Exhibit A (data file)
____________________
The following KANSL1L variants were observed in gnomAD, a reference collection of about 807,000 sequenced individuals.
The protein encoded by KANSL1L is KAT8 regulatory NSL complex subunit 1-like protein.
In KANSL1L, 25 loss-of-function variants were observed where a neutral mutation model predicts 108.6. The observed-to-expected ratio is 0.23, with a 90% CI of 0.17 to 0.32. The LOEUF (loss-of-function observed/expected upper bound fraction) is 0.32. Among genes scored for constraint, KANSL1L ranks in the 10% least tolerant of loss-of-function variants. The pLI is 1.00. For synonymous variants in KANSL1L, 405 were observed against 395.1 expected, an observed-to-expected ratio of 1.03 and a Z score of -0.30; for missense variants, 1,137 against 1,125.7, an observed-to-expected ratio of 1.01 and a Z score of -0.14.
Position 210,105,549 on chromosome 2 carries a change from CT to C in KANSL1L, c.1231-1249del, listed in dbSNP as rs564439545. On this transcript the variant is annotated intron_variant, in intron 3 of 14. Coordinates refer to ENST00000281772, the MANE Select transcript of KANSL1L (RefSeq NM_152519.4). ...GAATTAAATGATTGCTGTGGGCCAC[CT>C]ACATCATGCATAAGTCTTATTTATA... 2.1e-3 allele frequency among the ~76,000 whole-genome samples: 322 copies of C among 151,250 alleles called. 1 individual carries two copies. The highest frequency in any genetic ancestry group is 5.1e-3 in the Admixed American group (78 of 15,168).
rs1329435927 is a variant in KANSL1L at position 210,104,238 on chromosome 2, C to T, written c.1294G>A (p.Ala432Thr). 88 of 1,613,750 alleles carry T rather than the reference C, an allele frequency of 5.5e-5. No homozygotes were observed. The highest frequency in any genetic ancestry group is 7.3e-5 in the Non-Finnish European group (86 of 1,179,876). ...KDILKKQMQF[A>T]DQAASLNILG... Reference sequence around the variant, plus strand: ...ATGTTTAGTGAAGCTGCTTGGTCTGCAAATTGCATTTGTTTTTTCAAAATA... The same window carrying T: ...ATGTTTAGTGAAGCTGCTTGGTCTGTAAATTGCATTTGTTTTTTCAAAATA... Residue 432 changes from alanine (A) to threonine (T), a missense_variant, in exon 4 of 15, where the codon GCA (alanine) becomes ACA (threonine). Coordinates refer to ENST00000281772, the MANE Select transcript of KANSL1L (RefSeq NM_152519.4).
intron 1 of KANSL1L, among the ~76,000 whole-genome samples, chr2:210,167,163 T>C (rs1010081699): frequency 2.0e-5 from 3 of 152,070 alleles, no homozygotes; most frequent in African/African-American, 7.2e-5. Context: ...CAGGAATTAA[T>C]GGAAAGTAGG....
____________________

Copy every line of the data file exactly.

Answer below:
The following KANSL1L variants were observed in gnomAD, a reference collection of about 807,000 sequenced individuals.
The protein encoded by KANSL1L is KAT8 regulatory NSL complex subunit 1-like protein.
In KANSL1L, 25 loss-of-function variants were observed where a neutral mutation model predicts 108.6. The observed-to-expected ratio is 0.23, with a 90% CI of 0.17 to 0.32. The LOEUF (loss-of-function observed/expected upper bound fraction) is 0.32. Among genes scored for constraint, KANSL1L ranks in the 10% least tolerant of loss-of-function variants. The pLI is 1.00. For synonymous variants in KANSL1L, 405 were observed against 395.1 expected, an observed-to-expected ratio of 1.03 and a Z score of -0.30; for missense variants, 1,137 against 1,125.7, an observed-to-expected ratio of 1.01 and a Z score of -0.14.
Position 210,105,549 on chromosome 2 carries a change from CT to C in KANSL1L, c.1231-1249del, listed in dbSNP as rs564439545. On this transcript the variant is annotated intron_variant, in intron 3 of 14. Coordinates refer to ENST00000281772, the MANE Select transcript of KANSL1L (RefSeq NM_152519.4). ...GAATTAAATGATTGCTGTGGGCCAC[CT>C]ACATCATGCATAAGTCTTATTTATA... 2.1e-3 allele frequency among the ~76,000 whole-genome samples: 322 copies of C among 151,250 alleles called. 1 individual carries two copies. The highest frequency in any genetic ancestry group is 5.1e-3 in the Admixed American group (78 of 15,168).
rs1329435927 is a variant in KANSL1L at position 210,104,238 on chromosome 2, C to T, written c.1294G>A (p.Ala432Thr). 88 of 1,613,750 alleles carry T rather than the reference C, an allele frequency of 5.5e-5. No homozygotes were observed. The highest frequency in any genetic ancestry group is 7.3e-5 in the Non-Finnish European group (86 of 1,179,876). ...KDILKKQMQF[A>T]DQAASLNILG... Reference sequence around the variant, plus strand: ...ATGTTTAGTGAAGCTGCTTGGTCTGCAAATTGCATTTGTTTTTTCAAAATA... The same window carrying T: ...ATGTTTAGTGAAGCTGCTTGGTCTGTAAATTGCATTTGTTTTTTCAAAATA... Residue 432 changes from alanine (A) to threonine (T), a missense_variant, in exon 4 of 15, where the codon GCA (alanine) becomes ACA (threonine). Coordinates refer to ENST00000281772, the MANE Select transcript of KANSL1L (RefSeq NM_152519.4).
intron 1 of KANSL1L, among the ~76,000 whole-genome samples, chr2:210,167,163 T>C (rs1010081699): frequency 2.0e-5 from 3 of 152,070 alleles, no homozygotes; most frequent in African/African-American, 7.2e-5. Context: ...CAGGAATTAA[T>C]GGAAAGTAGG....